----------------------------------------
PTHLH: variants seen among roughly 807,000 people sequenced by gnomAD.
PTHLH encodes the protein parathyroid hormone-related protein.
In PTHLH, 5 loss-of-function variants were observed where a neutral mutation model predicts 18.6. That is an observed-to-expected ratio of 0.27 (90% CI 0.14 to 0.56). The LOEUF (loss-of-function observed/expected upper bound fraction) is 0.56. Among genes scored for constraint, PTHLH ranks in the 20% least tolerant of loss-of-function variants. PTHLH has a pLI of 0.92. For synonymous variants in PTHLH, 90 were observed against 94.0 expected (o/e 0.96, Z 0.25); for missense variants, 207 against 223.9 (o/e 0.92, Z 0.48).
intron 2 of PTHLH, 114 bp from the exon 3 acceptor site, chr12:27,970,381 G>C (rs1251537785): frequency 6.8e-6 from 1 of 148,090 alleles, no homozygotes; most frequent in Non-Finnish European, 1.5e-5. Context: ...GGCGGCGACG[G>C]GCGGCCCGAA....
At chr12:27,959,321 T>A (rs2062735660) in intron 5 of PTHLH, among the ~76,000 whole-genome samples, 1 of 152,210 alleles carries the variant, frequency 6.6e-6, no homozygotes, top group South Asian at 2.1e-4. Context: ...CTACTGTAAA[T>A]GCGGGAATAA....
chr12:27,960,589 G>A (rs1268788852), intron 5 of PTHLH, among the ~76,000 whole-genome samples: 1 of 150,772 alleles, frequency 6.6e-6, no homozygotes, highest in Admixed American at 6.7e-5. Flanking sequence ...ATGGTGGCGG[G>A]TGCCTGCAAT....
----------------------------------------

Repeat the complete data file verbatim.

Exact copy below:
PTHLH: variants seen among roughly 807,000 people sequenced by gnomAD.
PTHLH encodes the protein parathyroid hormone-related protein.
In PTHLH, 5 loss-of-function variants were observed where a neutral mutation model predicts 18.6. That is an observed-to-expected ratio of 0.27 (90% CI 0.14 to 0.56). The LOEUF (loss-of-function observed/expected upper bound fraction) is 0.56. Among genes scored for constraint, PTHLH ranks in the 20% least tolerant of loss-of-function variants. PTHLH has a pLI of 0.92. For synonymous variants in PTHLH, 90 were observed against 94.0 expected (o/e 0.96, Z 0.25); for missense variants, 207 against 223.9 (o/e 0.92, Z 0.48).
intron 2 of PTHLH, 114 bp from the exon 3 acceptor site, chr12:27,970,381 G>C (rs1251537785): frequency 6.8e-6 from 1 of 148,090 alleles, no homozygotes; most frequent in Non-Finnish European, 1.5e-5. Context: ...GGCGGCGACG[G>C]GCGGCCCGAA....
At chr12:27,959,321 T>A (rs2062735660) in intron 5 of PTHLH, among the ~76,000 whole-genome samples, 1 of 152,210 alleles carries the variant, frequency 6.6e-6, no homozygotes, top group South Asian at 2.1e-4. Context: ...CTACTGTAAA[T>A]GCGGGAATAA....
chr12:27,960,589 G>A (rs1268788852), intron 5 of PTHLH, among the ~76,000 whole-genome samples: 1 of 150,772 alleles, frequency 6.6e-6, no homozygotes, highest in Admixed American at 6.7e-5. Flanking sequence ...ATGGTGGCGG[G>A]TGCCTGCAAT....